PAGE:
As the name implies, a sealed coil is an electric coil that has been sealed by some form of material, which can be a polymer resin or some type of rubber. Though a coil may have insulation, sealing it offers an extra layer of protection as well as insulation. The biggest advantage to a sealed coil is the assurance that it is totally protected against moisture. One of the problems that needs to be avoided with a coil is the accumulation of heat that can damage the coil and cause excessive wear. The various materials that are used to seal a coil are designed to increase heat transfer and keep the coil cool. This particular feature is one of the reasons that sealed coils are an excellent addition to an electric motor.
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Applications of Sealed Coils
The purpose of sealing a coil is to prevent it from being damaged by intrusive factors, such as moisture and random electrical charges. The added sealing material offers the benefit of a front line against damage to the coil. Coils that are wells sealed are normally found in environments that have harsh conditions such as inclement weather and immersion in water. The high resistance of the sealing material and its protective qualities ensures the life span of the coil.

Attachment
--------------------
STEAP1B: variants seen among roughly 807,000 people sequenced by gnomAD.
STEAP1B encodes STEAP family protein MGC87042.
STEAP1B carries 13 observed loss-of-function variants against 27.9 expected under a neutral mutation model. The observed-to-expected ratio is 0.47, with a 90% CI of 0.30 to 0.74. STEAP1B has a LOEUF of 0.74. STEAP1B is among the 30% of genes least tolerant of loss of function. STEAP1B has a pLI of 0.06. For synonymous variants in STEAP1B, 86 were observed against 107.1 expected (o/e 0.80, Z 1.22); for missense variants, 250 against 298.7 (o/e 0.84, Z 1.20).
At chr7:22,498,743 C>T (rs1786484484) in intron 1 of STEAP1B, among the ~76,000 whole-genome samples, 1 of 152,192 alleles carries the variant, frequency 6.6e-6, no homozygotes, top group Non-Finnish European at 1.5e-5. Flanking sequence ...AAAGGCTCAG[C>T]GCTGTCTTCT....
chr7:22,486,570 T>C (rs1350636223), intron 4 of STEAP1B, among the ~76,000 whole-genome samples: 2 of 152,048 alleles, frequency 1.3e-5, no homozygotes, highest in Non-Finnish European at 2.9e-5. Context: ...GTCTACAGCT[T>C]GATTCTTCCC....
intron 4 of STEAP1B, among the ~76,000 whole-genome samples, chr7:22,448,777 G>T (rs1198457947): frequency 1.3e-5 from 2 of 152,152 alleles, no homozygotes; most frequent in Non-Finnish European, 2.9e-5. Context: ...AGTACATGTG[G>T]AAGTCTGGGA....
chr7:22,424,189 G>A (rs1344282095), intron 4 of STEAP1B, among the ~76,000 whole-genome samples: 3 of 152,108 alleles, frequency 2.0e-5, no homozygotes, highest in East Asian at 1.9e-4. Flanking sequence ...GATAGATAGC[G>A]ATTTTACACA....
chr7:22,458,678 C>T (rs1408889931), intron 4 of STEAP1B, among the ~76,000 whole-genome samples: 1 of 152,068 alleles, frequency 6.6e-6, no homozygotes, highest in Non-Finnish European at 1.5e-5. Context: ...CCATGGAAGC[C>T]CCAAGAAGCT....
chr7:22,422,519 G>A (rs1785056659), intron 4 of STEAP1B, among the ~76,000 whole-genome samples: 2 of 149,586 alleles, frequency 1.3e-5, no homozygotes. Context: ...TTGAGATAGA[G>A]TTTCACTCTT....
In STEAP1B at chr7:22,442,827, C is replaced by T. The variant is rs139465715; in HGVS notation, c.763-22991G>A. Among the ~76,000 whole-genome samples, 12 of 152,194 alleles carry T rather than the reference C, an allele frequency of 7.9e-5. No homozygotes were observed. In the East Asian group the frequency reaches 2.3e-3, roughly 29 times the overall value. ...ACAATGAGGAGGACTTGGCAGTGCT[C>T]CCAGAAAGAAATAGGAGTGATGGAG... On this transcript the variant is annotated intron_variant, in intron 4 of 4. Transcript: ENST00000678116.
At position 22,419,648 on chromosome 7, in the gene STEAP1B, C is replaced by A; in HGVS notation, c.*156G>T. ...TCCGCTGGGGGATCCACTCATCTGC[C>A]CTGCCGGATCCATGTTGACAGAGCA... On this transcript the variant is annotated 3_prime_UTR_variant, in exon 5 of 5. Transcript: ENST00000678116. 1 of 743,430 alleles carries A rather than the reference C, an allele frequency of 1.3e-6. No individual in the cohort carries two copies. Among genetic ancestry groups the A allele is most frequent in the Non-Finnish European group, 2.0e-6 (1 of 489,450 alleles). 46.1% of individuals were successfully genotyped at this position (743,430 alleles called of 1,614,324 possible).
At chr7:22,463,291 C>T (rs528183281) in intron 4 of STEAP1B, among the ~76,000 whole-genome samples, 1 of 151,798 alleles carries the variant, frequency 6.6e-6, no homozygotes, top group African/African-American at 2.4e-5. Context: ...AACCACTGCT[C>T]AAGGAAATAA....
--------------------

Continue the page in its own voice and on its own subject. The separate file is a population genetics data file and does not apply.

Sealed Coil Design and Function
A common part of any electronic device is the coil that assists in creating the energy for the motor. The types of coils used in a motor vary depending on the application the motor is being used for and the amount of current needed. In simple terms, a coil is wire that is tightly wound so that the wires overlap to form a cylinder. This technique increases the amount of force produced by using the multiple windings of the wire. Coils are made of various forms of wire that have high conductivity, are ductile, and easy to form into a variety of configurations. A necessary part of a coil is its insulation, which is designed to prevent current from passing between the overlapping wires. For the greatest amount of protection, coils have insulation but are dipped and baked in an extra material that completely seals the coil. This type of process creates a sealed coil.
There are several varieties of materials that are used in the production of a sealed coil. One such material is epoxy, which provides thermal stability and resistance to moisture, chemicals, vibration, and impact. An extra feature of epoxy is its gap filling capabilities. Every coil, when it is wound, leaves gaps. For the greatest efficiency, the gaps need to be filled, which is easily done with sealing materials, such as epoxy. Silicon resin has all of the properties of epoxy with the additional ability to resist a wide range of temperatures. It is impregnated as a sealant into electronic coils as a filler and insulation. Polymer resin is used as a sealant for its ability to solidify windings and laminations as well as dampen noise and lessen the influence of vibrations in high speed and spindle applications. One of the main benefits of using a polymer resin is how it converts into a rigid material once it has been cured.